The first toys that children played with were almost certainly the stick, the stone, the insect or pond of water, etc. And through those thousands of years until today, we still find those toys to have endless value. Their simplicity. Their part of our life. All draws us to them. However, there are times when any toy or item can become too valuable to us, be it young or old. This simple and true story I love. It demonstrates the dangers of "Ownership". Since Native folks of former times did not really "Own" things, this story takes on particular meaning. They of course believed that God owned their land, their clothing, their canoes, and of course - The Grasshopper.
This story was sent to us by a trusted source. He is Eagle, Sub-Chief of the Shawnee Nation URB. We at Faire Tyme Toys owe him many thanks for his contributions to help us with this area of our web site!
The Grasshopper War
In the east a very long time ago there were 2 Lanape Indian Villages very close to each other separated only by a small shallow river. The two villages got along very well with each other and the warriors hunted together, the woman worked in the fields and cooked together and the children played together.
One day one of the children from the other village across the river found a very large beautiful grasshopper. It was a fine specimen of an insect and he was very proud of it. The other children gathered round and they all agreed that the grasshopper was the biggest and most beautiful they had ever seen.
Another boy from the other village who was gathered around looking at the magnificent grasshopper became jealous and angry that the grasshopper was not his. He thought to himself .... that grasshopper was found on my village's land so it rightfully belongs to the families in my village so he took the grasshopper from the boy who found it. The two exchanged words and before long all the children were fighting each other. The woman of both villages heard the loud screams and hollering and went to investigate. They saw their children fighting each other.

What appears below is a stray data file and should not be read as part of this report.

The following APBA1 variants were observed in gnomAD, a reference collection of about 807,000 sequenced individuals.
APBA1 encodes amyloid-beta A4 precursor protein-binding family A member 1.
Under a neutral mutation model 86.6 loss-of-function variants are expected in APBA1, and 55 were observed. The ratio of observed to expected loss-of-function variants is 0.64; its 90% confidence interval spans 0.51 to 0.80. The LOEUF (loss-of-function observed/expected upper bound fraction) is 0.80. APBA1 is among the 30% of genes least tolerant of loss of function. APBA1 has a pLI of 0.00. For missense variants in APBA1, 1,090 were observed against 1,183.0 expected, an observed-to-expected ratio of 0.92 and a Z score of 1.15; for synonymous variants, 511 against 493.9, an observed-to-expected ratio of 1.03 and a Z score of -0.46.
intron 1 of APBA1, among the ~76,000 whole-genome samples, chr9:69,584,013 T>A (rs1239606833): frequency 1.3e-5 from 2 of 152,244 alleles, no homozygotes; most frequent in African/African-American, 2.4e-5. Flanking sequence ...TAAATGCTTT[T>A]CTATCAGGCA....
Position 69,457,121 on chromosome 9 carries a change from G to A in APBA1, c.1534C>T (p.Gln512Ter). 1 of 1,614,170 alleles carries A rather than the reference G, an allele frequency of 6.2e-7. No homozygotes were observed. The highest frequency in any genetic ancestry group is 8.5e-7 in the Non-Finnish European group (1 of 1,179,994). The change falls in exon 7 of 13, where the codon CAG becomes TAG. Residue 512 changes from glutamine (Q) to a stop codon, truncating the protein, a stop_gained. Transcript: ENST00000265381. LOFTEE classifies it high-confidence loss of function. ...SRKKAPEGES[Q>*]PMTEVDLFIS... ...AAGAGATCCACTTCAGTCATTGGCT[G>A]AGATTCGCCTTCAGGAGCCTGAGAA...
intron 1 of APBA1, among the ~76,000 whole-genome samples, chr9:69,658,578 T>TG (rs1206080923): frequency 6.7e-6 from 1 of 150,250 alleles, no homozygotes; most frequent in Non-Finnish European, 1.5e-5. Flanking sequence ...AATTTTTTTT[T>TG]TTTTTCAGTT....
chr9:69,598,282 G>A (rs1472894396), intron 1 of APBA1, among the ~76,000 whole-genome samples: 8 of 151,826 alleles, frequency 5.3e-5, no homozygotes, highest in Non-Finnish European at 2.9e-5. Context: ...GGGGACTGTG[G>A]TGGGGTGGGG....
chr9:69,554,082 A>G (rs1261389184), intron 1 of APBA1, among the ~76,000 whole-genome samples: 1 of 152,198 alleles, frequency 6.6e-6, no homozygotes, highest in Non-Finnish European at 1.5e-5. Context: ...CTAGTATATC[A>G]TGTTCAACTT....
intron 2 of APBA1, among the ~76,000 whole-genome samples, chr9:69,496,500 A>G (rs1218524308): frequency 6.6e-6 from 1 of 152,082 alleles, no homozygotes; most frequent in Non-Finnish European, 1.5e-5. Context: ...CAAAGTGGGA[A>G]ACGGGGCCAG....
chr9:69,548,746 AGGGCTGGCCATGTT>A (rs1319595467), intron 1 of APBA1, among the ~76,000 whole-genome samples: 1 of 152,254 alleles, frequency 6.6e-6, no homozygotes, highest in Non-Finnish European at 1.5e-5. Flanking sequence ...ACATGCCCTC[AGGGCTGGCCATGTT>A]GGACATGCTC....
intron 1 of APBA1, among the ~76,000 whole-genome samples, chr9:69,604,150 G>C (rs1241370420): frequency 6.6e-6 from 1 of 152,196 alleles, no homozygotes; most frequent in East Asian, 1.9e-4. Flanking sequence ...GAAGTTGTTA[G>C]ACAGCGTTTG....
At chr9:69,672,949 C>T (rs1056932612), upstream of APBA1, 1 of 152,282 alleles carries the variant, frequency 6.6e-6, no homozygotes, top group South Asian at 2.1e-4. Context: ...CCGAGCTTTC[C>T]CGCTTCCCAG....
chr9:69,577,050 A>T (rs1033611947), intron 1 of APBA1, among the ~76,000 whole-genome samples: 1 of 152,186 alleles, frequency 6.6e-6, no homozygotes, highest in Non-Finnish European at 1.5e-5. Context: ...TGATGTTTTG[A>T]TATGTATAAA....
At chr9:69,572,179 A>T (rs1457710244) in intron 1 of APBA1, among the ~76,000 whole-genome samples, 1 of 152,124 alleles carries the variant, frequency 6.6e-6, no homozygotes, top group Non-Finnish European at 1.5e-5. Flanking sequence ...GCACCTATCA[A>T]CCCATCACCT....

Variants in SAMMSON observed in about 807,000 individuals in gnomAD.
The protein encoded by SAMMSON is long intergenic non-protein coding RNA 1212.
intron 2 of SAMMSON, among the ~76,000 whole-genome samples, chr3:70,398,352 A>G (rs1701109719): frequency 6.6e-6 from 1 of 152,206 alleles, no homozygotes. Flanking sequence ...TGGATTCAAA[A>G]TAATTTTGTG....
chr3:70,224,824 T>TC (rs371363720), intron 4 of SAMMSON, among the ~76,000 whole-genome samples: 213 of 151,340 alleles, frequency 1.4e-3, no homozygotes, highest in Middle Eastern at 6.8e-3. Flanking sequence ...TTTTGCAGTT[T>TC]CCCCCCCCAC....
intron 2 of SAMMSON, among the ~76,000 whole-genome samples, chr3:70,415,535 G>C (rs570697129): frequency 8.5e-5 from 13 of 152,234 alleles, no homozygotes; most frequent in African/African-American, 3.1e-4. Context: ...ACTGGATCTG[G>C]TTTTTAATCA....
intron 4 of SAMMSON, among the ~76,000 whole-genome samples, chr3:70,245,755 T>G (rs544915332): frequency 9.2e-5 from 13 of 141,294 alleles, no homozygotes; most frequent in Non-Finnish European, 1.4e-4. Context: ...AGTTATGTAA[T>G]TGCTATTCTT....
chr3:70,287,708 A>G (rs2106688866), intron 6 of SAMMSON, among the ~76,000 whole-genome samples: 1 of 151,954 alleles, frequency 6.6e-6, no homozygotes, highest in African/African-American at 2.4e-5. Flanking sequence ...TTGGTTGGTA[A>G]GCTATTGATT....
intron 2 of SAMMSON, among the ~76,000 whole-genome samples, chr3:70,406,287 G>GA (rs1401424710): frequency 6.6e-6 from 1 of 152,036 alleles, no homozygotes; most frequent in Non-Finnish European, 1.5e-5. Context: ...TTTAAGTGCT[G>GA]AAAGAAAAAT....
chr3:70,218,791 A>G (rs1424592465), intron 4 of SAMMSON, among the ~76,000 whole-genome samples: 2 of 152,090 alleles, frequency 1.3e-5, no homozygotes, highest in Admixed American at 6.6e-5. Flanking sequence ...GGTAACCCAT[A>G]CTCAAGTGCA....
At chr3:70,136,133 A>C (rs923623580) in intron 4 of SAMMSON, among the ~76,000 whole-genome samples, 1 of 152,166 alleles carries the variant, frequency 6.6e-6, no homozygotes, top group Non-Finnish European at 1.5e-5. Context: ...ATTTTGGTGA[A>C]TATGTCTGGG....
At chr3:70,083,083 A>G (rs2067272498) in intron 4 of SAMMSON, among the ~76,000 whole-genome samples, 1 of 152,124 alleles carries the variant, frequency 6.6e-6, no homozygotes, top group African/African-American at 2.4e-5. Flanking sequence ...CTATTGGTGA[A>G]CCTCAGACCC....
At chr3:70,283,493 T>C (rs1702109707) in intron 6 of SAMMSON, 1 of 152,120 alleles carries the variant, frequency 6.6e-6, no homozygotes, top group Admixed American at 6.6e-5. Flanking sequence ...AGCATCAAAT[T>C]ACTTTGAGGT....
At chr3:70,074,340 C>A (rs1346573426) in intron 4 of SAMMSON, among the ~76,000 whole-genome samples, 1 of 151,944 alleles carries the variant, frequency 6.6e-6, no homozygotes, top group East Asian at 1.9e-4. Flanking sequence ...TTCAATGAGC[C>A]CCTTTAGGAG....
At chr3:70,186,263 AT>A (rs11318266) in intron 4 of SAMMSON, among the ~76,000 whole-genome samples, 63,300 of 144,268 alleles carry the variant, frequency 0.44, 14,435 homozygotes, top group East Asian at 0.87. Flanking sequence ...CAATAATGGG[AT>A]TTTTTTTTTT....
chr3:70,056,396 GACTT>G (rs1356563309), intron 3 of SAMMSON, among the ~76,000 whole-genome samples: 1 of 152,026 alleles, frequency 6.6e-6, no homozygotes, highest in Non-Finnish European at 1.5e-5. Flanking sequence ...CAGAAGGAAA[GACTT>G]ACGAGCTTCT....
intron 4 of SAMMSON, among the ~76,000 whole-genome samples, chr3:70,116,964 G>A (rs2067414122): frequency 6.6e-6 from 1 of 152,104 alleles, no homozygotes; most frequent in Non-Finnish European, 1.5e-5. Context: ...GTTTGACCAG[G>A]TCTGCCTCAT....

They yelled for the children to stop....but they didn't listen ..... they kept fighting. Now the mothers of the children were getting aggravated seeing their children being hit and kicked. Now the women started fighting with one another. The fracas lasted for a while until they wore themselves out fighting.
The men soon after returned to the villages from hunting and found their women and children bloody, bruised and worn out. They first thought that one of the other tribes they were not friendly with came and attacked their villages while the men were out hunting but the women told the story as they knew it.
This now angered the men of the villages and both village Chiefs swore that they would never be friendly with one another again.
For many years the two villages stayed away from each other and didn't even look at each other if they happened along the river at the same time.
As with some things time heals wounds. Especially since there was no one killed in the "Grass Hopper War". One day one of the warriors said.. "I have had enough of this foolishness. I had long time friends and brothers just across that river and I intend to see them again. Once the two villages started talking again neither one could remember what started the fighting until one of the children, now a young warrior, reminded the elders what had happened that day.
From that time on both villages and all the people always got along and never let themselves get caught up in their children's quarrels.
Now I have heard and read various versions of this story where there were many hundreds of people killed in the war and that the two tribes always hated each other but I don't think that fits to well with the culture, the people not the need to keep everyone alive that they could as they were having a hard enough time doing that due the the colonial people pushing west and well... you know the rest.
End of Quote from Eagle